There is actually a chain of poetic associations at work. From touching the lips (“kisses”) we move to the more general image of “loving (caresse)s” (i.e., acts and gestures [touches] of love-making). These are characterized as “good” (adj. bof), in the sense of being precious, desirable, and ‘sweet’. This ‘sweetness’ applies both to taste (the metaphor of wine) and scent (lit. “breath”, j^Wr)—in this case, the wafting fragrance of perfumed oil. Then there is another pivot on the general image of fragrant oil to (apparently) a very specific kind of aromatic oil, indicated by the obscure word qr^WT (tûraq). This word has been derived from the root qWr (“empty, pour out”), in which case the idea would be of fragrant oil that has been emptied out of its container so that the aroma fills the room (cf. John 12:3). However, Pope (p. 300) notes evidence from the Ugaritic texts (cf. Gordon, UT 145, 19.371) that mentions trqm along with oil and wine, etc, in a list of luxury items. The Qumran manuscript 6QCant at this point is fragmentary, but the word begins –rm, and has been reconstructed as tjqrm, referring to a (perfumed) ointment mixed with spices (cf. 1 Chron 9:30, 39).

The consonantal text iydd, vocalized ;yd#D) by the Masoretes, could alternately be read as ;yD#D^. The MT has the noun doD (“love”), while, in the latter case, the word would be dD^ (“breast”), and the LXX translation (followed by the Vulgate) does have “your breasts” (mastoi sou) here in verse 2. Since it is a female personage who is speaking of her male lover (rather than the other way around), almost certainly doD is correct. The plural form (<yd!oD) here could refer to acts/gestures of (sexual) love, or, perhaps more likely, as an instance of an intensive (or comprehensive) plural—i.e., “your great/precious love”. Since the idea of touching is very much in view (in light of the “kisses” in line 1), I have rendered the word in the sense of her lover’s caresses.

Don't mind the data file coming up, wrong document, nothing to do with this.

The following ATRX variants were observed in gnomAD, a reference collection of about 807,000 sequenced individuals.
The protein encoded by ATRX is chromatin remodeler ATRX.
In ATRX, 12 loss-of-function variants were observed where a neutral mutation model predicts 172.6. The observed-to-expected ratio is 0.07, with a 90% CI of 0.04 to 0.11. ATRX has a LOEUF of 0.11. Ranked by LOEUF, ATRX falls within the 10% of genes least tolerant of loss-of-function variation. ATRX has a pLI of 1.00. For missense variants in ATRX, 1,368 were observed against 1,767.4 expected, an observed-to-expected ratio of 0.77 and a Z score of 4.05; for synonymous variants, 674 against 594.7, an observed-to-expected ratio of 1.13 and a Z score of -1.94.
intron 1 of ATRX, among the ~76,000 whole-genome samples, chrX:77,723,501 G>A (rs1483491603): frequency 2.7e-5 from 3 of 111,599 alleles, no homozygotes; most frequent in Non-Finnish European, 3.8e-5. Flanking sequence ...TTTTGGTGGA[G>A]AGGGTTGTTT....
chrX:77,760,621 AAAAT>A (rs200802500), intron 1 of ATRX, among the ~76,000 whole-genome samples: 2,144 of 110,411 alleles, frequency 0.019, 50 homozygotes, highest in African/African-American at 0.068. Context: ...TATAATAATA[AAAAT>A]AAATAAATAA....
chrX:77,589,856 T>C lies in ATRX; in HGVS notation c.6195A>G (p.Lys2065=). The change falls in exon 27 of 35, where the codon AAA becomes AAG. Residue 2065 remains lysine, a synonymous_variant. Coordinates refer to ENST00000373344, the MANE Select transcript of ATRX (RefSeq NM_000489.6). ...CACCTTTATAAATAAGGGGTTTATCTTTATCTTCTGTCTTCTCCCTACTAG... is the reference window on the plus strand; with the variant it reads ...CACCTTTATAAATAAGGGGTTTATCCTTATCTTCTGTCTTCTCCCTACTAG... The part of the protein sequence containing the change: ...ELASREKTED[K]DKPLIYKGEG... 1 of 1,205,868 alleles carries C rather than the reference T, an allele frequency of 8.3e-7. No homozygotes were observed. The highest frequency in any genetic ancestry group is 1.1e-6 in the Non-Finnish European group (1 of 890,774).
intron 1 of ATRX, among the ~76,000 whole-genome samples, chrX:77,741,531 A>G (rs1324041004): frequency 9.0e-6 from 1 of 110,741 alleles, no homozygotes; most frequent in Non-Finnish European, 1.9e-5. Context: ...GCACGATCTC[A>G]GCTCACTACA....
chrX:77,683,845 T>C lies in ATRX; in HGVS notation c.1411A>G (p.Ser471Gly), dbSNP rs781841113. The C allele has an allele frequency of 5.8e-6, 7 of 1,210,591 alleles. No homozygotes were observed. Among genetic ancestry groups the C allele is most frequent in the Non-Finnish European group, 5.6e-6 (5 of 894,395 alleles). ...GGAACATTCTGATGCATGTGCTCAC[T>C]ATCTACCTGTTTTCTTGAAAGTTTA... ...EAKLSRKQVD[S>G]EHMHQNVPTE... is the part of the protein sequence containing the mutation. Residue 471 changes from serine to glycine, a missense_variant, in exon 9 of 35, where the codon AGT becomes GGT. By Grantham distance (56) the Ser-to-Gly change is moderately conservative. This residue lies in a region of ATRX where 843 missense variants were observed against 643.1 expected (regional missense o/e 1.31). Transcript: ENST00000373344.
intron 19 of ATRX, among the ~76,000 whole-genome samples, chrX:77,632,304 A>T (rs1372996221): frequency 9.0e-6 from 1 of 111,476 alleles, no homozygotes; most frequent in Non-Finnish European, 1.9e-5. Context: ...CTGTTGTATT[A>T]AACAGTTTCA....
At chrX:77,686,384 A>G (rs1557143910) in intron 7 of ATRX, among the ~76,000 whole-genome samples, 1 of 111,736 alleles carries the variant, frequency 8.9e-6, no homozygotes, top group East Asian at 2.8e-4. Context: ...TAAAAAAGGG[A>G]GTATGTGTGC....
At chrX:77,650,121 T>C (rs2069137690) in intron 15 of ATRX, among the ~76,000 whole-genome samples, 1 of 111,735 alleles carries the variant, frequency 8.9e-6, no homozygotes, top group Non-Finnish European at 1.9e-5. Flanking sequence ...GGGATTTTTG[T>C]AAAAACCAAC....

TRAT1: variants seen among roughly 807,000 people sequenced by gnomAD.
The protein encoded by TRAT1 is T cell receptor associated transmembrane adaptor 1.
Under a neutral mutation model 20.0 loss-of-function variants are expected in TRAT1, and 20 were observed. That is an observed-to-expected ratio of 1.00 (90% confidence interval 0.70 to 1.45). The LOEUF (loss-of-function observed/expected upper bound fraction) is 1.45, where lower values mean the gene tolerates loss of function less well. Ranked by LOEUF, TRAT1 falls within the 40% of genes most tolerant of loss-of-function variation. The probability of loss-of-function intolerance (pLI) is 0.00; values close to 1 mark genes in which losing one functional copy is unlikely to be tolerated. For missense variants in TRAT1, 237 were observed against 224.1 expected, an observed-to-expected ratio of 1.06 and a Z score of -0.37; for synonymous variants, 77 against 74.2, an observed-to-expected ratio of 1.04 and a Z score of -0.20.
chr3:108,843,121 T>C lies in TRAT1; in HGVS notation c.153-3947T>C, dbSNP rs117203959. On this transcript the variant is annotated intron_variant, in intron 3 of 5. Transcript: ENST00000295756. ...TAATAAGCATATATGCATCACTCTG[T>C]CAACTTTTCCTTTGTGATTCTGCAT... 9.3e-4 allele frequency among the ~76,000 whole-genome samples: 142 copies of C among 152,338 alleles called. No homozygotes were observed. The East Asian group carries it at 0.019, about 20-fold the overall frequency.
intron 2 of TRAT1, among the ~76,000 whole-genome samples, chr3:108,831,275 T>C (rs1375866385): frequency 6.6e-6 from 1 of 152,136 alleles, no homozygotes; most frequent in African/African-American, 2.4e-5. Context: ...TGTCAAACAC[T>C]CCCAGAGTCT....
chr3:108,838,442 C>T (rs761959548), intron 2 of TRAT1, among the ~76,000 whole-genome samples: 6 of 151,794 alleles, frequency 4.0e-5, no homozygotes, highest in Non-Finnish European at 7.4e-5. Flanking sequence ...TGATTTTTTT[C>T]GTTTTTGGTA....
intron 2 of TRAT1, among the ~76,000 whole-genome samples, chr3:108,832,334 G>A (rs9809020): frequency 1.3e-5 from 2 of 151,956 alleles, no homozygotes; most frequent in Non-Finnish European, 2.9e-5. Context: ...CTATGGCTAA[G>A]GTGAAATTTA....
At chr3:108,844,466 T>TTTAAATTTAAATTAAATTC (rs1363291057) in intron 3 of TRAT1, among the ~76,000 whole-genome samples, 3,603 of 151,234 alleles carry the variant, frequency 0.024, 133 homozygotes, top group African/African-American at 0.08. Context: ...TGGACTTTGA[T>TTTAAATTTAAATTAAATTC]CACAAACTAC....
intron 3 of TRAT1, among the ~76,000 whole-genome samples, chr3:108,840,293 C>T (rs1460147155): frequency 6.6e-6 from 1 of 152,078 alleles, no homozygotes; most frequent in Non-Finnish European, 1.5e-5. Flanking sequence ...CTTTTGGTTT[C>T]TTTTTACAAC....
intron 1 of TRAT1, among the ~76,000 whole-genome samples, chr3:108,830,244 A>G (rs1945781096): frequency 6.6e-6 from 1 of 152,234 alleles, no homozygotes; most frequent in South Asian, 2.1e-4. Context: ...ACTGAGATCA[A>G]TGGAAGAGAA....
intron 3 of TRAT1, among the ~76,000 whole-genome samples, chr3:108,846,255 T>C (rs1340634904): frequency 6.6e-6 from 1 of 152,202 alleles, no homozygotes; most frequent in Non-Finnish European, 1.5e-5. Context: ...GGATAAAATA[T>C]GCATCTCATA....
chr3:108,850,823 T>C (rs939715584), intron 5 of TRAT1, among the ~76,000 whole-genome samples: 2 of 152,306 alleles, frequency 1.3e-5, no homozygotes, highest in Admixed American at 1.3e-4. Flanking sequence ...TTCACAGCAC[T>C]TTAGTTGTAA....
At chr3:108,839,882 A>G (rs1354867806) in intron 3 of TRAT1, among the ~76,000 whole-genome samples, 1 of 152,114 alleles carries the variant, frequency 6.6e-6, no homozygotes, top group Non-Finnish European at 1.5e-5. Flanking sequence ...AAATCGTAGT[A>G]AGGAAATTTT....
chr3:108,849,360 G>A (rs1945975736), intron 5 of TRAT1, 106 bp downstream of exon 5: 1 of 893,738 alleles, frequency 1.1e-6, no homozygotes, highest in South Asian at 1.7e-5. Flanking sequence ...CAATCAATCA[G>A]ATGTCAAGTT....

The reference to the lover’s name (<v@) must be understood in terms of ancient Near Eastern views regarding names. In something of a quasi-magical sense, a person’s name embodied the essence and character of the person. Thus, it is not simply the mention of the young man’s name that delights the woman; rather, she is referring to the young man himself. By “your name” we should understand something like “all that you are”. For more on the subject of names and naming in the ancient world, cf. my earlier series “And You Shall Call His Name…”. There is a bit of wordplay here based on the similarity between <v@ (š¢m, “name”) and /m#v# (šemen, “oil”).

The reference to “maidens” (plur. of hm*l=u^) in the final line has caused commentators some difficulty. Is the speaker actually addressing other young women, or is it meant as a poetic device? On the one hand, in the setting of the poem, the female protagonist does group herself with the other young women of her community. This simply reflects the cultural milieu of the time. On the other hand, the “we” implicit in the plural collection of “maidens” may simply be a way for the character to position herself in relation to the young man, and as a way of emphasizing his excellence and beauty. This will be discussed further in the next note (on verse 4).